this has been an issue my whole life... for the last 3 months the sound is "skippity-dappidoo-badido"
I was in several hardcore bands, does that count? Besides that, I was a super quiet kid. Very much didn't wanna be noticed or bother anyone.
it's kinda dark, but my mom has misophonia, and growing up as an only child (thus the only chewer), she would make me eat in a separate room from her... i guess i still make this sound but now i'm surrounded by chewing-tolerant friends.
It happened on FC63 tour that I kept singing Waterloo Sunset to the point that people told me to stop, but I would change the lyrics to " My name is Kelley, I'm drinking a beer..." etc.
I got a little too into saying "bingo" for a while, I was told
very ordinary but I'm a pen-clicker. On zoom calls I always try to make sure I'm muted, but occasionally I have forgotten. No one has said anything about it yet.
no thank u
No, unless listening to the the same record over one million times is "making a certain sound", in which case guilty as charged. Mostly with Marianne Faithful and Death Vessel
No, I am pathologically aware of the people I am sharing a space with and whether or not I am doing something that would attract their attention/be annoying or otherwise remarkable. I would literally never.
excluding situations where someone wanted me to stop talking, no
yes. one of those has been described as "clicking" and you do it with your mouth a little open and sort of pulling your tounge backwards. i was told i did that at work constantly when i was "trying to be nice and about to talk".i would say i had been doing it for years, minimum. in high school, i was asked to not make a sucking in air sound when smoking by a boyfriend i was in the middle of breaking up with. i continued to make that sound for the next 20 years of smoking.
Éliane Radigue is really really great, and if you're not averse to the idea of a music made of long sustained sounds, you should check her out. Here's a shimmering number in the mid range: [youtube, 55min], and here's a long one at the high end of the sound spectrum, way up with the insects and individual hairs: [youtube, 3hrs]. Finally here's a little video portrait of the artist, which is very nice: [youtube, 15min]. The cliche of the avant garde musician is that they're super serious and mean, and this is especially so for those with a seemingly monolithic output. But in my personal experience I find that by and large they're fun and engaging (in a personal way) and love sweet pastries and animals. They radiate the joy of the person who has found what they like to do, like those people that only wear one specific shade of blue, or niche academics, or extreme holiday decorators. Éliane is no exception, she's like "wow, come on in, listen to the sound of this thing!".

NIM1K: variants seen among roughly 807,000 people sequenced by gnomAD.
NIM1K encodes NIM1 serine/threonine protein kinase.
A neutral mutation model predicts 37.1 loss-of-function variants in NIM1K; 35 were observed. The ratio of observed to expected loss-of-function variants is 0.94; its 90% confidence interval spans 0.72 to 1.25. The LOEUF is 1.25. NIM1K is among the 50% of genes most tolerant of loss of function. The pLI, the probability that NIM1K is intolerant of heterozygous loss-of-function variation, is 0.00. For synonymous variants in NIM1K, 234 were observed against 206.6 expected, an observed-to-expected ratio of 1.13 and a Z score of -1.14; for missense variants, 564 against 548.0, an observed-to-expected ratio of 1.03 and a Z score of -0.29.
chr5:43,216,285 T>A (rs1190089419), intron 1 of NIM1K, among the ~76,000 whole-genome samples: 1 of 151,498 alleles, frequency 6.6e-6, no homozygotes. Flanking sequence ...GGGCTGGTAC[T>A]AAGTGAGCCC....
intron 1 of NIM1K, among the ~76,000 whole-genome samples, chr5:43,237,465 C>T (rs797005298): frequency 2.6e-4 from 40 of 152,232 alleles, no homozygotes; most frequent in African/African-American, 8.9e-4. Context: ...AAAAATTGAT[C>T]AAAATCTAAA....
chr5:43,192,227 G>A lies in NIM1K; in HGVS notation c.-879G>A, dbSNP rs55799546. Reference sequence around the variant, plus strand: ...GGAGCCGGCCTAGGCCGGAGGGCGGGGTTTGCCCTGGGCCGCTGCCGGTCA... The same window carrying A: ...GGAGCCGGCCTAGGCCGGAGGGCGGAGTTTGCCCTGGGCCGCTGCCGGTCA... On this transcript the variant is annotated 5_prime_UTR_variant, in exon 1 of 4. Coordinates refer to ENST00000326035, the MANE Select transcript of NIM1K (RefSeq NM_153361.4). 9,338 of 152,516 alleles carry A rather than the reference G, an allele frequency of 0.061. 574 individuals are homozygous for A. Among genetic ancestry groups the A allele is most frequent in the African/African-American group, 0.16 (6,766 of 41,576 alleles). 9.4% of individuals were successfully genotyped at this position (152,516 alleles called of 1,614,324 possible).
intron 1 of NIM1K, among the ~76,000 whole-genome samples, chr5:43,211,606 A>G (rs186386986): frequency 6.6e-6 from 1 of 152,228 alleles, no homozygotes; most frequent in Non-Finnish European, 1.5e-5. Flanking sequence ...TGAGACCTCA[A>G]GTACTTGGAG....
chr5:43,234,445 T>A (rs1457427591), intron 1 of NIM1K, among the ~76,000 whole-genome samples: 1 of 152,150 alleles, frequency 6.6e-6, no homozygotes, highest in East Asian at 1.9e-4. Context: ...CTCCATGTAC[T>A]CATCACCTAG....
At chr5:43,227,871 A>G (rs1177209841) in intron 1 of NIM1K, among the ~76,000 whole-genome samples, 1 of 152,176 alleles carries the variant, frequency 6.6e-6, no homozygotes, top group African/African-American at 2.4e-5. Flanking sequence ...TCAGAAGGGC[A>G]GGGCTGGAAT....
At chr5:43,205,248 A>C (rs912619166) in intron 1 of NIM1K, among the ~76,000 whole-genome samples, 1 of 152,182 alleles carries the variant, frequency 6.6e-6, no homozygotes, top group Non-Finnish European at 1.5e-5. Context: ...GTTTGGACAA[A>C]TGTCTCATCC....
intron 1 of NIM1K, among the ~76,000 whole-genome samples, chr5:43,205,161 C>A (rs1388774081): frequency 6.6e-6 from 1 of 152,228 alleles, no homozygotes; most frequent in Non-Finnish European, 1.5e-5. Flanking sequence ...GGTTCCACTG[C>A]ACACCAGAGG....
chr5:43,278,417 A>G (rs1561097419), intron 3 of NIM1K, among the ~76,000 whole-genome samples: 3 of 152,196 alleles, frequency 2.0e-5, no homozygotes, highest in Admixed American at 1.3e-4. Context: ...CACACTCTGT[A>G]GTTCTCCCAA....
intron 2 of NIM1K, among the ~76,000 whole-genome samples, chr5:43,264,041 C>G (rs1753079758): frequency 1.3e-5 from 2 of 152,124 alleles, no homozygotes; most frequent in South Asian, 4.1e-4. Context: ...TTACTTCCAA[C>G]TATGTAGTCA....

here's a dynamite set from Hong Chulki, I'm sure there's other more famous acoustic (non-electronic) music in this sustained high-pitched sound format, but this is one that really got me. [youtube, 9min]
solo live set from Sachiko M, playing (I think) a sampler with no samples loaded. [youtube, 19m]. She has a lot of great collabs, many with Otomo Yoshihide. Here's a good one that also has "Mr Tabletop Guitar" Keith Rowe and "Mr No Input Mixer" Toshimaru Nakamura: [youtube, 20min]. Sachiko and Otomo also worked together on this video for one his songs, from the "TV themes" side of his career. As I understand, this was a huge hit-- he did the song and she stars in the vid, and did the choreography???? [link]
This post is derived from responses to a questionnaire I posted back in April. If you would like to join in, the original questionnaire is here: [link]. I'm not going to edit your answers in to this or the other two "questionnaire responses" posts I've posted so far, but I will fold them into future posts.